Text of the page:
Childhood poverty comes
at great cost to U.S. economy
Walker Evans' photographs from the ground-breaking book Let Us Now Praise Famous Men have no captions. Evans believed his photographs were self-explanatory; the presence of words implied that the image was somehow deficient. The photos document his journey through the rural South during the Great Depression. The title is from a passage in Ecclesiasticus that begins, "Let us now praise famous men, and our fathers that begat us."
Children who grow up poor cost the economy $500 billion a year because they are less productive, earn less money, commit more crimes and have more health-related expenses, says new study, The Economic Costs of Poverty.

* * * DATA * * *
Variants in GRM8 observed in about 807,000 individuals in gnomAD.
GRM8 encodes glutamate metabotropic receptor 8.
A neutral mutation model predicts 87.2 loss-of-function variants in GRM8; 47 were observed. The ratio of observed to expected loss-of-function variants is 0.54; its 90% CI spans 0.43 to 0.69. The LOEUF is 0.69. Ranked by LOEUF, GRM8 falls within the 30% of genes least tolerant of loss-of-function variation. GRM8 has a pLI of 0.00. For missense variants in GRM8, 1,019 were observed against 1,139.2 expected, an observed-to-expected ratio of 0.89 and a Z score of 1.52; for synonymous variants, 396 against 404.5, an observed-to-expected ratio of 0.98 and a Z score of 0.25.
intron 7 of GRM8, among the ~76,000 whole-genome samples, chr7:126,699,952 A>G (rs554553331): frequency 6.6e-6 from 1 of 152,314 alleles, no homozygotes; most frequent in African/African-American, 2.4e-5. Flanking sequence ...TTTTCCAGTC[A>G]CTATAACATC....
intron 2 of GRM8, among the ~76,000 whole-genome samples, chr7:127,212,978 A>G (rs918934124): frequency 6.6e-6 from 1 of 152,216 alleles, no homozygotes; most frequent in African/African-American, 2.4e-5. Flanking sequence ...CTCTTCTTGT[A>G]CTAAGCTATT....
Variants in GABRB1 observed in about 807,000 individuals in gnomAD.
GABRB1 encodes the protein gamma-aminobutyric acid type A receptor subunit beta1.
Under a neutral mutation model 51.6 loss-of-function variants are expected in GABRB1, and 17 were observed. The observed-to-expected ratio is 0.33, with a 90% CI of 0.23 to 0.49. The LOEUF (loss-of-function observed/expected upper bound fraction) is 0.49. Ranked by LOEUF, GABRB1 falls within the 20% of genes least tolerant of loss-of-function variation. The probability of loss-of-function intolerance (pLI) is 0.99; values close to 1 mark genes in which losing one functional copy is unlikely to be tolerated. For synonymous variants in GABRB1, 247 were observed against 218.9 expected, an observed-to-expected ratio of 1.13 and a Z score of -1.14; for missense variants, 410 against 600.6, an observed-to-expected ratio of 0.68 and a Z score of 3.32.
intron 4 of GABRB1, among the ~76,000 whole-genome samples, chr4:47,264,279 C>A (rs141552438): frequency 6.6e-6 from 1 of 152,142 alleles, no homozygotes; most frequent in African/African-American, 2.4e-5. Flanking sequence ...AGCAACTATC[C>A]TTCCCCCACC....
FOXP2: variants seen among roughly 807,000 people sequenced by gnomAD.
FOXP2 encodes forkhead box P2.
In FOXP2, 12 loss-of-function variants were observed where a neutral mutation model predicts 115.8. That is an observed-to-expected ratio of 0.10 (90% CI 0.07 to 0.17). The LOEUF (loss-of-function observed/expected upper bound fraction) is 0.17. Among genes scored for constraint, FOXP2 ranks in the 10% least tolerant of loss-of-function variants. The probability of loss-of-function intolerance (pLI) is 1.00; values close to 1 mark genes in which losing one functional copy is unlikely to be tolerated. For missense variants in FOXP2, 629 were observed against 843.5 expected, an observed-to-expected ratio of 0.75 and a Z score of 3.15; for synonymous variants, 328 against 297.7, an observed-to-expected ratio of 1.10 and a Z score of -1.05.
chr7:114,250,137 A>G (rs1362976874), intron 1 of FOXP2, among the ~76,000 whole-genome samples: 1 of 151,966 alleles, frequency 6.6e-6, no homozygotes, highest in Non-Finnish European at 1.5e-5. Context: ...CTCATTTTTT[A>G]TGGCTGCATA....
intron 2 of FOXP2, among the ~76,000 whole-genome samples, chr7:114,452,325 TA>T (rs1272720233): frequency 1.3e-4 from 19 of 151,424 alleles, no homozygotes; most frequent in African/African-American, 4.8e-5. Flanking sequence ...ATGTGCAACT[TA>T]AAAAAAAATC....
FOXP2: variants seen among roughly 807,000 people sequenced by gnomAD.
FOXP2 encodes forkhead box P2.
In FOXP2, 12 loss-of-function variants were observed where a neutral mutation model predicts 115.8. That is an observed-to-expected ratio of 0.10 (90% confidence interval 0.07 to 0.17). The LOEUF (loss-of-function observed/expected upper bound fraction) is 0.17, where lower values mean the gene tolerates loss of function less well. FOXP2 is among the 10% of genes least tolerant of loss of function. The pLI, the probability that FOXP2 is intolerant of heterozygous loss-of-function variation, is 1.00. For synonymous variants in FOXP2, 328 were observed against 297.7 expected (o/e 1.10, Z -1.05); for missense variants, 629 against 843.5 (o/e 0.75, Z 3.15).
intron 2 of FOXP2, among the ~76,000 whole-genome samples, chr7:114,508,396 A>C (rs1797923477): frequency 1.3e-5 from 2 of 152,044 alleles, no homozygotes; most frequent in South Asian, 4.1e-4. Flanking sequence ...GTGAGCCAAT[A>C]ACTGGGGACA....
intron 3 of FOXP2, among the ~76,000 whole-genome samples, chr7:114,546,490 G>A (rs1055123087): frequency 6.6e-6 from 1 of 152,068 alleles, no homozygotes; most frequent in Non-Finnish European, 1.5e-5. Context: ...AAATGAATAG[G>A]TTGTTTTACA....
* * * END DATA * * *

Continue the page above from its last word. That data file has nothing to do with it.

“The high cost of childhood poverty to the U.S. suggests that investing significant resources in poverty reduction might be more cost effective than we thought,” said Harry J. Holzer, an economist at Georgetown University and the Urban Institute and one of the four authors of the report.
Read the study here. Read The New York Times story here.